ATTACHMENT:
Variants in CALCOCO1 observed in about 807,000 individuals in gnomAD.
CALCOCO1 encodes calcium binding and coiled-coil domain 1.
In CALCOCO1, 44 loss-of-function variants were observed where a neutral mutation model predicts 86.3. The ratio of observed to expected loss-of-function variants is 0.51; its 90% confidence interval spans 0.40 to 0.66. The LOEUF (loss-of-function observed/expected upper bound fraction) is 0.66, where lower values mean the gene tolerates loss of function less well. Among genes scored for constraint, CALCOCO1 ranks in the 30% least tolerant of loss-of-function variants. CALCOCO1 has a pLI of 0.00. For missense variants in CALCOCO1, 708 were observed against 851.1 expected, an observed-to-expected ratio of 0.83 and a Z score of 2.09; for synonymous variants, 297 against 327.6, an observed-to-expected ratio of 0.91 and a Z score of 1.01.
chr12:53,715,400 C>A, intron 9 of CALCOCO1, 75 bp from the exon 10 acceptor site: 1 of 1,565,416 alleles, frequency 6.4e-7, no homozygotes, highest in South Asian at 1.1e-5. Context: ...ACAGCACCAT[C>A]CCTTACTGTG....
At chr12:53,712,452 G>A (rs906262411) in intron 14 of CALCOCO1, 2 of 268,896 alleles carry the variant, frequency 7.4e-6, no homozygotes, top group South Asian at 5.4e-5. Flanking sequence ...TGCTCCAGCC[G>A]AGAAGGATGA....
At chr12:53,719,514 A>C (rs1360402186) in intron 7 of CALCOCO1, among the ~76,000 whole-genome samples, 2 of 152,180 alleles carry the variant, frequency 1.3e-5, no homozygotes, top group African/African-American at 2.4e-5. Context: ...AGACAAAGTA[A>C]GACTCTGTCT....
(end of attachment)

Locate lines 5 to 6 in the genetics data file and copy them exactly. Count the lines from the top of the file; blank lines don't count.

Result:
At chr12:53,712,452 G>A (rs906262411) in intron 14 of CALCOCO1, 2 of 268,896 alleles carry the variant, frequency 7.4e-6, no homozygotes, top group South Asian at 5.4e-5. Flanking sequence ...TGCTCCAGCC[G>A]AGAAGGATGA....
At chr12:53,719,514 A>C (rs1360402186) in intron 7 of CALCOCO1, among the ~76,000 whole-genome samples, 2 of 152,180 alleles carry the variant, frequency 1.3e-5, no homozygotes, top group African/African-American at 2.4e-5. Context: ...AGACAAAGTA[A>C]GACTCTGTCT....